Obfuscation, Code Analysis, and Check-In policies

As mentioned before, we’ve started to use SmartAssembly to obfuscate some of our products. We also use Team Foundation Server (TFS) as source control and build server. Using obfuscation with code analysis caused some issues, which were compounded by our check-in policies. Continue reading “Obfuscation, Code Analysis, and Check-In policies”

Obfuscation, Code Analysis, and Check-In policies

Adding SmartAssembly obfuscation to a Visual Studio Project

We’ve started to use SmartAssembly to obfuscate the code for some of the SharePoint products that we’ve been working on, and I’d had a few problems with it. Continue reading “Adding SmartAssembly obfuscation to a Visual Studio Project”

Adding SmartAssembly obfuscation to a Visual Studio Project

Getting levels of the SharePoint Heirarchy and their Exceptions

Something that I have to do time and again is get some element of SharePoint’s heirarchy, such as a site collection, site, list or item. This is pretty typical – that’s why we all use USING to ensure proper disposal of SPSites and SPWebs, right? But what happens if the thing you’re after isn’t there? What exception get’s thrown? Well, this should be pretty clear:

try
{
    //FileNotFoundException if doesn't exist
    using (SPSite site = new SPSite(siteGuid))
    {
        //FileNotFoundException if doesn't exist
        using (SPWeb web = site.OpenWeb(webGuid))
        {
            //SPException if doesn't exist
            SPList list = web.Lists[listGuid];

            //ArgumentException if doesn't exist
            SPListItem item = list.GetItemByUniqueId(itemGuid);
        }
    }
}
catch (System.IO.FileNotFoundException fileEx2)
{
    // Site or Site Collection Not Found
}
catch (SPException spEx2)
{
    // List not found
}
catch (ArgumentException argEx2)
{
    // Item not found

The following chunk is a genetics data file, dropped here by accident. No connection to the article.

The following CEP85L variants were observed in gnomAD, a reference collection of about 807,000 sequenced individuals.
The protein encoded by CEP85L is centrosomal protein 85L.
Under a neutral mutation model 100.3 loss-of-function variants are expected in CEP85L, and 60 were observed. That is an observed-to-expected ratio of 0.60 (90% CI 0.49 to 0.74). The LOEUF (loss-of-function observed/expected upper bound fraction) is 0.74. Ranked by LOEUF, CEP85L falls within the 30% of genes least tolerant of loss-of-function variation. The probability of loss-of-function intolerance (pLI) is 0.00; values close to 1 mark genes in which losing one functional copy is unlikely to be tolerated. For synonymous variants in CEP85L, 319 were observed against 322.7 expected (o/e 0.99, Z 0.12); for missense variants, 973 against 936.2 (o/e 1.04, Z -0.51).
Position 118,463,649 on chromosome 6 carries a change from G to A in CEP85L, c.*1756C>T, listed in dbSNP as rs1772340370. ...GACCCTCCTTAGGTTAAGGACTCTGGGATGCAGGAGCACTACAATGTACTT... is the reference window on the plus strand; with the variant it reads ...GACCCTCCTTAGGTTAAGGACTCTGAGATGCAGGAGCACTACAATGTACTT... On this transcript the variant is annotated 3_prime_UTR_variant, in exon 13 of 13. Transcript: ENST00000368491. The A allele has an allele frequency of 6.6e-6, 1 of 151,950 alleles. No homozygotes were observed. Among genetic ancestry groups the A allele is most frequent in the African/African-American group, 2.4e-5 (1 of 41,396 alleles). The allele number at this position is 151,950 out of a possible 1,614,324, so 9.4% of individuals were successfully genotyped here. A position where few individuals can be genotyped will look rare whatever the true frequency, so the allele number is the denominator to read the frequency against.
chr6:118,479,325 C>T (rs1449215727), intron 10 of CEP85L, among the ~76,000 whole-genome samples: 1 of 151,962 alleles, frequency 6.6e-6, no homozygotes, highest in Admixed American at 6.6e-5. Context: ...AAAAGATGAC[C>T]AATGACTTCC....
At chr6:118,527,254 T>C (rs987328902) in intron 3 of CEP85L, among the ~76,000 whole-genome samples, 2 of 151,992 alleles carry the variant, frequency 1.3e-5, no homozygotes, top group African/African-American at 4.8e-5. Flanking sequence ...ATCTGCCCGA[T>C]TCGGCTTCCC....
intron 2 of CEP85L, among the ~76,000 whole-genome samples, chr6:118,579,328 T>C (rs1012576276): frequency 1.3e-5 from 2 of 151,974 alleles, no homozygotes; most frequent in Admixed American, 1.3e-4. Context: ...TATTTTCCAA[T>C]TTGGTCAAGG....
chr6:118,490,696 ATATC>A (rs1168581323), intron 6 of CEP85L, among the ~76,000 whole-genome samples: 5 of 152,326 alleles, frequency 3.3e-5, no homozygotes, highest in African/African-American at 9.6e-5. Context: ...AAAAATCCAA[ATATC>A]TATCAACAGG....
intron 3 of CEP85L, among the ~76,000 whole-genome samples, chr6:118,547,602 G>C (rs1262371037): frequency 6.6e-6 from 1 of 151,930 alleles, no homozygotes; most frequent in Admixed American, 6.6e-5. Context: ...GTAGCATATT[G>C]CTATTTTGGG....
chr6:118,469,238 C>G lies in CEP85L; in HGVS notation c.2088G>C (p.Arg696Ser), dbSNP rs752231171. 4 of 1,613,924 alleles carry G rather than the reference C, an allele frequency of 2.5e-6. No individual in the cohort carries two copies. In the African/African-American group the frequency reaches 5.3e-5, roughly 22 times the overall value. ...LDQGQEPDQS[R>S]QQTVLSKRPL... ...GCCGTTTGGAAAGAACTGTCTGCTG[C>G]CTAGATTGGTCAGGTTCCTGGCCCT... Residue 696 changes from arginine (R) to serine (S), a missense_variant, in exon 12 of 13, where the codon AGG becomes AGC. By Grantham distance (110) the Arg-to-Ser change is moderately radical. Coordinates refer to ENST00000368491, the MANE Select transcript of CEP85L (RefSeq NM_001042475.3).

}

Hopefully that might prove useful to someone – and a good reminder for me.

Getting levels of the SharePoint Heirarchy and their Exceptions

Make Visual Studio break on all Exceptions

I’m a big fan of not raising exceptions if possible – rather than throwing and catching ‘expected exceptions’. To me, that phrase is an oxymoron – exceptions should be, um, exceptional, and it can make the wood hard to see for the trees when looking for proper exceptions.

Anyway, that aside – you can make Visual Studio break on any exception, not just the unhandled ones. Use Ctrl-Alt-E to edit – there is supposed to be some way to get to it though the menu, but I’ve not found it. Discovered in a blog post here.

Make Visual Studio break on all Exceptions

C# Code to send an email

I’ve been doing some testing of email enabled lists, and I needed to send quite a lot of emails, so I wrote a little console app to do it. Here’s the core of the code I used, in case I need it again, or it’s useful to someone. It uses System.Net.Mail:

SmtpClient smtp = new SmtpClient(@"vm-moss2007.virtual.local");
for (int i = 1; i <= 100; i++)
{
    MailMessage message = new MailMessage("administrator@virtual.local", <a href="mailto:testlist@sharepoint.virtual.local">testlist@sharepoint.virtual.local</a>);
    message.Subject = string.Format("Message {0}", i);
    message.Body = string.Format("This is message '{0}'", i);
    Console.WriteLine("Sending {0}", i);
    smtp.Send(message);
}
C# Code to send an email

Event Properties AfterProperties – what should they be?

While working on pre-filling ListItem fields on an item, I became a bit puzzled. The SPItemEventProperties.AfterProperties collection is a dictionary which can contain the named value for one of the fields of the item. In other words, if we wanted to set a value “Tax Area” to “Europe” we’d do:

properties.AfterProperties["Tax Area"] = "Europe";

In our case, however, we didn’t know what these properties were before hand. Rather, we were ‘inheriting’ values from a parent folder. Thus, we were going to use the parent folder’s SPField object for each field to define the value. I started out using:

properties.AfterProperties[parentField.Title] = parentItem[parentField.id];

But is Title the right property to use? Well, having looked through a number of blog posts, this seems to be the subject of some confusion.

At first Title is okay to use. However, you can change the display name of the field. For example, we could change our field’s Title to ‘Tax Region’ – but we still need to use ‘Tax Area’ in our AfterProperties collection.

So, InternalName is the right property of the SPField to use – but there is a hiccup. The InternalName is encoded – Tax_x0020_Area – so you have to unescape it like I’ve talked about before.

The summary is, then, use the unescaped InternalName in your AfterProperties collection.

Event Properties AfterProperties – what should they be?